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Hotel, Lowe's Requests Move Forward

Cell phone tower is off the zoning board agenda.

Two applicants who appeared before the Huntington Planning Board Wednesday will also appear before the tonight.

The applicants for both the and the Lowe's to be built on the site of the former Huntington Townhouse received recommendations from the planning board to take with them to the ZBA.

Meantime,  a request to place a cell phone tower near Chantilly Court and Old Country Road in Huntington, originally before the Zoning Board of Appeals, has been pulled from the agenda. The town's ZBA office said Verizon Wireless, which filed the request, had not obtained approval from the New York State Cemetery Board.

The planning board approved a resolution making two recommendations to the Zoning Board of Appeals for the Huntington Hotel proposal at Main Street and Stewart Avenue.

In April, it unanimously approved a recommendation that the allow the property to be placed in the historic overlay district. It was formerly zoned C6, general business district.

The applicants were back Wednesday, this time seeking a recommendation for a parking variance and one that would allow a four-story building. The proposed three-story addition with one story underground for parking counts as four stories, although is under the 45-foot height allowance.

The code requires 65 spaces for the proposed 55-room boutique hotel, but the underground parking garage only has room for 20 spaces. The applicant is requesting that the planning board recommend that the Huntington Board of Zoning Appeals approve a variance that will allow the hotel to count spots available in a nearby municipal lot as part of its required total.

Board member Avrum Rosen expressed concern about the water table at the site.

"So the parking garage, that's going to be excavated out and deeper?" Rosen asked.

The town's Director of Planning & Environment Anthony Aloisio said that was the plan.

"Has anyone looked at the water table there?" Rosen asked.

Aloisio said that he was sure they had.

"Don't say that," Rosum answered. "We have to make sure. My first or second office was at 11 Stewart and I seem to remember us having water problems there on occasion and if they go much deeper it could be a bigger problem."

Board chair Paul Mandelik said it's worth noting that there could be a potential problem. "From a practical standpoint we do know in that part of Huntington or at least further north there is a problem although we don't know about this particular location," he said.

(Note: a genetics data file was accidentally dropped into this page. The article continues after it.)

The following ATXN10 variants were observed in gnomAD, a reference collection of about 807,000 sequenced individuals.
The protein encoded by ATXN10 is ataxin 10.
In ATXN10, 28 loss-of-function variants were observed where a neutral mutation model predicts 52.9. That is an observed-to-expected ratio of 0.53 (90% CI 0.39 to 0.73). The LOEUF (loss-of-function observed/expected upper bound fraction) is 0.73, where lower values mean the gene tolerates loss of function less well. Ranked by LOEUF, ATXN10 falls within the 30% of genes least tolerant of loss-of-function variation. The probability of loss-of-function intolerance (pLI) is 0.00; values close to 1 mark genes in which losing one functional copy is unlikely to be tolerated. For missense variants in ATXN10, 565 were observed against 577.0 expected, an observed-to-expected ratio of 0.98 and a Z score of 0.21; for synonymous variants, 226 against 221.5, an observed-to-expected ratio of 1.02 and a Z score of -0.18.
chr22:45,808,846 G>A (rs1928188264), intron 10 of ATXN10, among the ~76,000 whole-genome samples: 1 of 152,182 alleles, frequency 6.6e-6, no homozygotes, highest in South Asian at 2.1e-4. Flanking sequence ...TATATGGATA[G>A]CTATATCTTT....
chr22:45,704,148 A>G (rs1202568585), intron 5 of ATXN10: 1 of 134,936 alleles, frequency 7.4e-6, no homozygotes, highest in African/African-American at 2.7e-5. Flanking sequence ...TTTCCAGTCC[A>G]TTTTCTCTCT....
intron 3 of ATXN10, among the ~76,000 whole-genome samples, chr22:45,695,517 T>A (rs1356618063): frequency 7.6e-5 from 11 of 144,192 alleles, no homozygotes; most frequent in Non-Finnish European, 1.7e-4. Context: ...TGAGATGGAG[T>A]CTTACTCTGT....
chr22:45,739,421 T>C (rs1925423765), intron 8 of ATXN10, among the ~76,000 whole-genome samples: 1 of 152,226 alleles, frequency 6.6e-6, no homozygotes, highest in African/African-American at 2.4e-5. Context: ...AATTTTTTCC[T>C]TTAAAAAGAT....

"The devil is in the details," Rosum said. "I think it's a great idea. I do have some traffic concerns. The problem is, that's a cut through so I think we have to do some planning for that site plan review. The traffic is going to be something for the ZBA."

Aloisio said that a hotel is "not much of a traffic generator."

Lowe's is seeking to build a 150,000 square-foot store on the site of the former Huntington Townhouse. The site plan calls for the building to be placed on the far left side of the property with the front of the building facing to the right or west. The parking lot will be on the west side. A loading dock will be placed to the south of the building placement.

The applicant is seeking a parking variance as well, according to attorney Michael McCarthy.

The code requires 408 spaces and the application will be providing 92 spaces and land-banking 200.

McCarthy said that the code is written to require one spot to each 200-square-feet of retail space. "The traffic engineer uses a 7-Eleven as an example but at a warehouse-type store like this, because the merchandise is larger and because the trip generation is less, the parking needed is actually one spot for each 350-sqare-feet of parking.

"We are land banking those 200 spots, so if the town wants us to build them we will but leaving them land banked allows for more green space," McCarthy said.

McCarthy also said that the applicant is proposing a concrete cast sound barrier to the rear of the building.

"Lowe's wants the security and any neighbor back there might not want to hear the noise. I don't want to give you the image of a Long Island Expressway sound barrier because that's ugly. This is much better looking."

The board approved a resolution recommending the necessary variances.

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